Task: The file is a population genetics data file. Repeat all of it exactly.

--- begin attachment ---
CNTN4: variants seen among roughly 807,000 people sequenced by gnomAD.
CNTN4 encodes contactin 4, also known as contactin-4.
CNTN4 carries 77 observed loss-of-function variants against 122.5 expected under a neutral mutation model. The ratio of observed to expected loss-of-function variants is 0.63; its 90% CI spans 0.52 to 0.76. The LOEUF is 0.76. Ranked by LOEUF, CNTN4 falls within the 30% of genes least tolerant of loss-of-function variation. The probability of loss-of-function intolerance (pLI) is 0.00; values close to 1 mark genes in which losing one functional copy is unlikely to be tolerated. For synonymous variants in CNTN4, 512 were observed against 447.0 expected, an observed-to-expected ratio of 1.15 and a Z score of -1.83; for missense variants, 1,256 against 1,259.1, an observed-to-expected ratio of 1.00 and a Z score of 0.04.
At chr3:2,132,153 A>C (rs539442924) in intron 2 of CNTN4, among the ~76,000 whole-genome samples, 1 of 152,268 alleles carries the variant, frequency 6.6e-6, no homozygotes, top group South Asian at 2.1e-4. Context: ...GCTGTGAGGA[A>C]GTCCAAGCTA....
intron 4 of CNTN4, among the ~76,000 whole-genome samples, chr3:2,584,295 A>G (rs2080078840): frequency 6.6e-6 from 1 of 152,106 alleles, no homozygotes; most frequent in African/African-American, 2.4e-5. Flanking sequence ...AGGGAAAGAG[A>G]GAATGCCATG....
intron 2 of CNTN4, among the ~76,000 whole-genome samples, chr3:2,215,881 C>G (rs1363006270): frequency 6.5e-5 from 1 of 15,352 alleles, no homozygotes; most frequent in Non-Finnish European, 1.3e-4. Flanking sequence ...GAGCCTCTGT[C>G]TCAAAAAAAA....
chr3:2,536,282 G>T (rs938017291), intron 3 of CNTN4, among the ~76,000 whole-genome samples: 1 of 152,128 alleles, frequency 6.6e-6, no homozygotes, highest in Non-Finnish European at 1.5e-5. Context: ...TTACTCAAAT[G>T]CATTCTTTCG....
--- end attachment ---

CNTN4: variants seen among roughly 807,000 people sequenced by gnomAD.
CNTN4 encodes contactin 4, also known as contactin-4.
CNTN4 carries 77 observed loss-of-function variants against 122.5 expected under a neutral mutation model. The ratio of observed to expected loss-of-function variants is 0.63; its 90% CI spans 0.52 to 0.76. The LOEUF is 0.76. Ranked by LOEUF, CNTN4 falls within the 30% of genes least tolerant of loss-of-function variation. The probability of loss-of-function intolerance (pLI) is 0.00; values close to 1 mark genes in which losing one functional copy is unlikely to be tolerated. For synonymous variants in CNTN4, 512 were observed against 447.0 expected, an observed-to-expected ratio of 1.15 and a Z score of -1.83; for missense variants, 1,256 against 1,259.1, an observed-to-expected ratio of 1.00 and a Z score of 0.04.
At chr3:2,132,153 A>C (rs539442924) in intron 2 of CNTN4, among the ~76,000 whole-genome samples, 1 of 152,268 alleles carries the variant, frequency 6.6e-6, no homozygotes, top group South Asian at 2.1e-4. Context: ...GCTGTGAGGA[A>C]GTCCAAGCTA....
intron 4 of CNTN4, among the ~76,000 whole-genome samples, chr3:2,584,295 A>G (rs2080078840): frequency 6.6e-6 from 1 of 152,106 alleles, no homozygotes; most frequent in African/African-American, 2.4e-5. Flanking sequence ...AGGGAAAGAG[A>G]GAATGCCATG....
intron 2 of CNTN4, among the ~76,000 whole-genome samples, chr3:2,215,881 C>G (rs1363006270): frequency 6.5e-5 from 1 of 15,352 alleles, no homozygotes; most frequent in Non-Finnish European, 1.3e-4. Flanking sequence ...GAGCCTCTGT[C>G]TCAAAAAAAA....
chr3:2,536,282 G>T (rs938017291), intron 3 of CNTN4, among the ~76,000 whole-genome samples: 1 of 152,128 alleles, frequency 6.6e-6, no homozygotes, highest in Non-Finnish European at 1.5e-5. Context: ...TTACTCAAAT[G>T]CATTCTTTCG....